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Tag: Rebates

The Drug Formulary Death Cage Match of Awesomeness

I got an unusual request last week.  I had written a prescription of a generic medication (which has been generic for a couple of years) and the prescription was denied by the insurance carrier.  The reason for denial: I had to try a brand-name medication first.

Stop.  Read that again.  They wouldn’t allow me to give a prescription for the (cheaper) generic drug because I had to try the brand-name medication first. This is opposite of the usual reason for denial, the availability of a cheaper alternative than the prescribed drug, and, to my knowledge, is the first time I have ever seen it upside-down like this, and I have been in the ring for the duration of the drug formulary death cage match of awesomeness.  I’ve seen it all unfold.

Here is what happened.

I am not, like many physicians and patients, against the idea of cost-control through the use of drug formularies.  Medications are very expensive (unnecessarily expensive, as I have discussed previously), and the previously strong influence of drug reps made many doctors quick to jump for the latest and greatest medication.  I did this myself, during the first few years of practice – before the advent of drug formularies.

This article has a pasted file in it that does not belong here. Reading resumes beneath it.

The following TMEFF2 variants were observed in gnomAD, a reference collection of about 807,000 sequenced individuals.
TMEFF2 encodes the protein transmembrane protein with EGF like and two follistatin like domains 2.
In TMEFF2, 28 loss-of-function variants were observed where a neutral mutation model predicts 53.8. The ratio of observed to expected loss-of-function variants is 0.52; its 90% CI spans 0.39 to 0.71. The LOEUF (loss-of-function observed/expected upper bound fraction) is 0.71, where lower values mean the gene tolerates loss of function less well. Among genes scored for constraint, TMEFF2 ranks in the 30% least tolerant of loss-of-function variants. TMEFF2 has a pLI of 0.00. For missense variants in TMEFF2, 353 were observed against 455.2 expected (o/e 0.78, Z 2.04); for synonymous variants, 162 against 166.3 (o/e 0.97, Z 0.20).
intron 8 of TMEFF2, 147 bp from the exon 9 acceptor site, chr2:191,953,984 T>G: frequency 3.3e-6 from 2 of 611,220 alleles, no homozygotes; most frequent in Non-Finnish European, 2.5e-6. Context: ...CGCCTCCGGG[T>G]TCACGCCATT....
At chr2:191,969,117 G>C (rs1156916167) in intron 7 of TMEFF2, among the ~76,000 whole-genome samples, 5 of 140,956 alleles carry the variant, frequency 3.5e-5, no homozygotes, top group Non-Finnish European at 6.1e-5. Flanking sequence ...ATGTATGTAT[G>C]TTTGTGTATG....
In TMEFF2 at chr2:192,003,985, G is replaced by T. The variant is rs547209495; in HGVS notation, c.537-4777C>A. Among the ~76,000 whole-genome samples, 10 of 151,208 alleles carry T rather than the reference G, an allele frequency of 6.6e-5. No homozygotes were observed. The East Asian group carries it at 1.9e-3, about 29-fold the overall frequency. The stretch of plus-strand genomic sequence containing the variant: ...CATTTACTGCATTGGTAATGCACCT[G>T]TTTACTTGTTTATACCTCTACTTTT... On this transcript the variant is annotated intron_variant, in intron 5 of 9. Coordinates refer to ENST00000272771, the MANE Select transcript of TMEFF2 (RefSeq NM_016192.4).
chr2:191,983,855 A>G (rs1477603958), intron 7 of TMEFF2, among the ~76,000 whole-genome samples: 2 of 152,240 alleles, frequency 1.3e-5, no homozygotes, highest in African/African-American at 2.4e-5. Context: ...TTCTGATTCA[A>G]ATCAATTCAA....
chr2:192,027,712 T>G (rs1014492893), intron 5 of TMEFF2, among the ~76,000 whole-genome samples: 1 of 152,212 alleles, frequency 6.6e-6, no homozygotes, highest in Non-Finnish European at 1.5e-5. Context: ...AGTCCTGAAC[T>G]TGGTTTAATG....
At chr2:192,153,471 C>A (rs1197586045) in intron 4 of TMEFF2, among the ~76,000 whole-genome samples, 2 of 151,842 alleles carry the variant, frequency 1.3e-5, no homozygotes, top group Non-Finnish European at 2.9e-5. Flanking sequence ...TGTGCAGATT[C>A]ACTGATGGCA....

We were constantly detailed on new NSAID’s, antibiotics, cholesterol, and blood pressure pills.   There was always a reason the latest drug was worth using over the old one (sounds a lot like fancy smart phones, doesn’t it?), and since insurance paid the same for brand drugs, I was often influenced by the drug reps.

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The Medical Loss Report: Fiddling while Rome Burns

Today’s headline was “Millions Expected To Receive Insurance Rebates Totaling $1.3 Billion.”

The Kaiser Family Foundation estimates that 3.4 million people in the individual market will receive $426 million in consumer rebates because of the Affordable Care Act’s new MLR rules. In the small group market 4.9 million enrollees will see $377 million in rebates, and 7.5 million people will get $540 million in the large group market.

Wow!

But take a closer look at the report. Only 19% of those in the large group market will be getting a rebate and that rebate will average $72.31 per person. In the small group market 28% of those enrolled in these plans will get a rebate averaging $76.37. And, in the individual market 31% of consumers who have these plans will get a rebate averaging $126.81.

The Wall Street Journal, citing a Goldman analysis, is reporting that Aetna will be paying out $177 million in rebates. But Aetna has $11 billion in premium so that’s only a 1.6% rebate. UnitedHealth will be paying out $307 billion but that is only 1% of its $28.8 billion in premium. Wellpoint will pay out $94 million in rebates but that is only .28% of its premium for the year.

The average cost of employer-provided family health insurance is now about $13,000 per year. A family rebate of perhaps $200 will amount to only about 1.5% of premium for the relatively few people who will even get one.

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